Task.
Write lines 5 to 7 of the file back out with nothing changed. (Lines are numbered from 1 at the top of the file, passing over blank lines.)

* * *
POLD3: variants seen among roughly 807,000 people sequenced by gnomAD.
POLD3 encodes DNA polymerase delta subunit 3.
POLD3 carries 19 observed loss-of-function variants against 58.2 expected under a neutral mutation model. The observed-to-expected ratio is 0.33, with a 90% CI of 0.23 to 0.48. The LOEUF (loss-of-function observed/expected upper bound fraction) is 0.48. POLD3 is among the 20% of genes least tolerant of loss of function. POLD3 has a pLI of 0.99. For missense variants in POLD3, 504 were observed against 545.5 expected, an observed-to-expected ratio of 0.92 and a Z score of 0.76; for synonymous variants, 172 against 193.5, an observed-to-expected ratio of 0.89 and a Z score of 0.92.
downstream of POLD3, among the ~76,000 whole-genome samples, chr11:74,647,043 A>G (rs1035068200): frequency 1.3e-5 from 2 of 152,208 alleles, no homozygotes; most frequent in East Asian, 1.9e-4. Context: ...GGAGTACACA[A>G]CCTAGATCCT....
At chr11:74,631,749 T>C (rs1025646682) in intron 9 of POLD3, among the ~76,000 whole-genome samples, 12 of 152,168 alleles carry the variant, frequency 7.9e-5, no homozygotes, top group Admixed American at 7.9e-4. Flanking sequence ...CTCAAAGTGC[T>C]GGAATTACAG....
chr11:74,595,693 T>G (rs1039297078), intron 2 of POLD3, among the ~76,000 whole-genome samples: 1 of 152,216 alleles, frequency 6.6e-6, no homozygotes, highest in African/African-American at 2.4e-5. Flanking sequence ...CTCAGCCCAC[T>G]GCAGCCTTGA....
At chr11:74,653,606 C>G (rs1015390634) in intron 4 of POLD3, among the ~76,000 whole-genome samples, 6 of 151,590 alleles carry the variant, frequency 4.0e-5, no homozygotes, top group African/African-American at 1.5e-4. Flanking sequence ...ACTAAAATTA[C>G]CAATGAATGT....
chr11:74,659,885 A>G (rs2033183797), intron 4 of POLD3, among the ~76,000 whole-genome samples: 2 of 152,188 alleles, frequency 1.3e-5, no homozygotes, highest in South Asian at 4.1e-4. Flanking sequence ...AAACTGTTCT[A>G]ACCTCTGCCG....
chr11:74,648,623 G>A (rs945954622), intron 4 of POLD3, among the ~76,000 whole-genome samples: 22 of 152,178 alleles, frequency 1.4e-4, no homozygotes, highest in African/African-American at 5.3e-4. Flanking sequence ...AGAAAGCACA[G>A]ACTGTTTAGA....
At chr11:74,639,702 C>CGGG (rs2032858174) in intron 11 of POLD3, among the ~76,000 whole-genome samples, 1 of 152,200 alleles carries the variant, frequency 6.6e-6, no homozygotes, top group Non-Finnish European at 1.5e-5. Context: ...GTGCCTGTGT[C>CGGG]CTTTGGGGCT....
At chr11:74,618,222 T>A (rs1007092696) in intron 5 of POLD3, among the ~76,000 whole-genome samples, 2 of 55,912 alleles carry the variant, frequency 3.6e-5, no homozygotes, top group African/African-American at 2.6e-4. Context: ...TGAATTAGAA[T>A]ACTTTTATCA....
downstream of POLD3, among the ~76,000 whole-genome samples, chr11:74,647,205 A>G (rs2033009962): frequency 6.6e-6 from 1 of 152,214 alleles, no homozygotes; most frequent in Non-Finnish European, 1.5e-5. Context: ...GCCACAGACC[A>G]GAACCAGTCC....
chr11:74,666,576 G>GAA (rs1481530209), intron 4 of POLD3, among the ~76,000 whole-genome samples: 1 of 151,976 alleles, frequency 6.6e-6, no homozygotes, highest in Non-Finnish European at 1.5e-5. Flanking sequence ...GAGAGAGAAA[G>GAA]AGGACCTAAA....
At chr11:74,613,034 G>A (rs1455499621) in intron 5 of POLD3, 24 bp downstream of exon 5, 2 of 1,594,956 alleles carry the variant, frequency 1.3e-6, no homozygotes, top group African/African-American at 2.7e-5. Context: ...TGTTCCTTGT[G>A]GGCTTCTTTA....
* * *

At chr11:74,631,749 T>C (rs1025646682) in intron 9 of POLD3, among the ~76,000 whole-genome samples, 12 of 152,168 alleles carry the variant, frequency 7.9e-5, no homozygotes, top group Admixed American at 7.9e-4. Flanking sequence ...CTCAAAGTGC[T>C]GGAATTACAG....
chr11:74,595,693 T>G (rs1039297078), intron 2 of POLD3, among the ~76,000 whole-genome samples: 1 of 152,216 alleles, frequency 6.6e-6, no homozygotes, highest in African/African-American at 2.4e-5. Flanking sequence ...CTCAGCCCAC[T>G]GCAGCCTTGA....
At chr11:74,653,606 C>G (rs1015390634) in intron 4 of POLD3, among the ~76,000 whole-genome samples, 6 of 151,590 alleles carry the variant, frequency 4.0e-5, no homozygotes, top group African/African-American at 1.5e-4. Flanking sequence ...ACTAAAATTA[C>G]CAATGAATGT....